# Counter example for uniqueness of second order differential equation

I have a second order differential equation, \begin{eqnarray} \dfrac{d^2 y}{d x^2} = H\left(x\right) \hspace{0.05ex}y \label{*}\tag{*} \end{eqnarray}

where, $\,H\left(x\right) = \dfrac{\mathop{\rm sech}\nolimits\left(x\right) \mathop{\rm sech}\nolimits\left(x\right)}{x + \ln\big(2\cosh\left(x\right)\big)}$. Plot of function $\,H\left(x\right)$ is shown below:

I need to find solution of the equation $\eqref{*}$ for the boundary conditions

\begin{aligned} y\left(x\right)\bigg\rvert_{-\infty} &= 0, & \left.\dfrac{d\hspace{0.1ex}y\left(x\right)}{d\hspace{0.1ex}x}\right\rvert_{ -\infty} &= 0 \end{aligned} \label{**}\tag{**}

Obvious solution of the problem is $\,y=0$. But $\,y = x + \ln\big(2 \cosh\left(x\right)\big)\,$ also satisfies differential equation $\eqref{*}$, and satisfies boundary conditions $\eqref{**}$. Plot of $y\left(x\right)$ is shown below:

As far as I know there cannot be two solution of the differential equation satisfying given boundary conditions. What am I missing here? Is uniqueness theorem not valid if the boundary conditions are applied at $\,\pm\infty$.

EDIT Thanks to the comment by Santiago, appearance contradiction is better seen:

Differential eq. %\begin{align} y'\left(x\right) = y\left(x\right) %\end{align} with boundary condition $\displaystyle\lim_{x \to \infty}y\left(x\right) = 0$. There are infinitely many solution to this problem all of the form $y\left(x\right) = k\exp\left(x\right)$, where $k$ is some constant.

Post Edit Is it possible to generalize observation above that, boundary conditions at $\pm \infty$ may not yield unique solution?

• Compare with $y'(x) = y(x)$ given that $y(-\infty) = y'(-\infty) = 0$. There are two solutions, $y \equiv 0$ and $y(x) = \exp x$. Commented May 3, 2016 at 18:36
• @Santiago, I see your point and completely agree with the example. Commented May 3, 2016 at 18:53
• @alekhine : This is the same for second order. Coming back to your example, with the simplest case $\quad H(x)=1\quad\to\quad y''(x)=y(x)\quad$ an infinity of solutions $\quad y=c\,e^x\quad$ any $c$ , satisfy the two conditions $y(-\infty)=y'(-\infty)=0$ . Commented May 4, 2016 at 8:32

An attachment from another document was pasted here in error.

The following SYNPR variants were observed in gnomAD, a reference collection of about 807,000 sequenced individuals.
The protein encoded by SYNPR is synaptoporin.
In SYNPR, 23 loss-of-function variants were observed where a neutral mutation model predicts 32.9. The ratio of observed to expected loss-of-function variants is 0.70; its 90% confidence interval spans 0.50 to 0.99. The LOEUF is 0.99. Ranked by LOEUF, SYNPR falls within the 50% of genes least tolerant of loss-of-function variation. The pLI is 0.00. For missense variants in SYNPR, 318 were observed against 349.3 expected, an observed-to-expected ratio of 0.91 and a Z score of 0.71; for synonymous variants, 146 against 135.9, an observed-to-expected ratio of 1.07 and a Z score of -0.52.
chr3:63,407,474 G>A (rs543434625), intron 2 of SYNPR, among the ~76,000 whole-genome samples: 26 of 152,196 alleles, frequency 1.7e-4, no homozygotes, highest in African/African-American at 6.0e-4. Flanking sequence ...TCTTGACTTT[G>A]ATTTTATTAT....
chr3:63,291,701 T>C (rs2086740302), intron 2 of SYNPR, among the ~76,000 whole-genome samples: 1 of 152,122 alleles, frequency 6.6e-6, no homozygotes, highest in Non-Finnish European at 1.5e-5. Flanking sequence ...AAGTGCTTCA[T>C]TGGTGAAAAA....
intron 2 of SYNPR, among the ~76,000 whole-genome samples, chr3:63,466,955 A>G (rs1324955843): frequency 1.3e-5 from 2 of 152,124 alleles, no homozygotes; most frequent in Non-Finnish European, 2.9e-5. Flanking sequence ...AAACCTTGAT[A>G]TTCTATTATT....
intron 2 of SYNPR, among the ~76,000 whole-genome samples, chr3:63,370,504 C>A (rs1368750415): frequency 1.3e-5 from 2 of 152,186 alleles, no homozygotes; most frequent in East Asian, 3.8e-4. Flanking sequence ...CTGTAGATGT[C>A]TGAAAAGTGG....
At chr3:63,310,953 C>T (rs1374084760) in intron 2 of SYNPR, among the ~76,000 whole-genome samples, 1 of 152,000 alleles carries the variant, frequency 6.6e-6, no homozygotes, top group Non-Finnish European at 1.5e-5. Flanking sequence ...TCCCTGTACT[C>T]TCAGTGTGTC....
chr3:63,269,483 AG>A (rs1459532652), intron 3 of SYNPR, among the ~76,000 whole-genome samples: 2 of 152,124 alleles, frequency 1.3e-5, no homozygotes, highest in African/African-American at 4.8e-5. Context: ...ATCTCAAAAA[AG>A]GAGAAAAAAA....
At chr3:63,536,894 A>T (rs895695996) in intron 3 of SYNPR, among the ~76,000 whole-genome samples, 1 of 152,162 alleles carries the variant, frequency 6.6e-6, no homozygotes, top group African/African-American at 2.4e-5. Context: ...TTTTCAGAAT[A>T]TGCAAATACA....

• Another exemple with finite boundary conditions : The EDO : $\quad x^2y''(x)=6y(x)\quad$ with two conditions $\quad y(0)=y'(0)=0\quad$ has an infinity of solutions : $\quad y(x)=c\,x^3\quad$ Commented May 4, 2016 at 8:56
• Your last example is not surprising since $1/x^2$ is not locally lipschitz (not even $C^0$). The cauchy-lipschitz (or picard lindelöf) theorem guarantee the uniqueness and existence of solutions of $y'=f(x,y)$ if $f$ is locally lipschitz. But there is another theorem for which $f$ is only supposed continuous and then you have existence of a solution but not uniqueness. See "peano existence theorem". Commented May 13, 2016 at 12:24

Consider the constant coefficient first order linear dynamical system of dimension $n$ $${\bf{x}}'=A{\bf{x}},$$ where $A$ is an $n\times n$ constant matrix and ${\bf{x}}$ is an $n$-dimensional vector. If $A$ has $k$ eigenvalues with positive real parts, then system above has a $k$ dimensional space of solutions satisfying $\displaystyle{\lim_{t\rightarrow-\infty}{\bf{x}}=0}$.
More generally, we now consider a class of equations which the system (*) in the question is part of. More precisely, we consider systems of the form $${\bf{x}}'=A(t){\bf{x}},$$ where $A$ is $t$-dependent and such that the limit $A^{-\infty}\equiv \displaystyle{\lim_{t\rightarrow -\infty} A(t)}$ exists. Assume also that $A(t)$ approaches $A^{-\infty}$ exponentially fast as $t\rightarrow -\infty$. Then the solutions of the system above behave like the solutions of the constant coefficient system $${\bf{x}}'=A^{-\infty}{\bf{x}},$$ as $t\rightarrow -\infty$, which in particular implies that If $A^{-\infty}$ has $k$ eigenvalues with positive real parts, then the non-constant system above has a $k$ dimensional space of solutions satisfying $\displaystyle{\lim_{t\rightarrow -\infty}{\bf{x}}=0}$.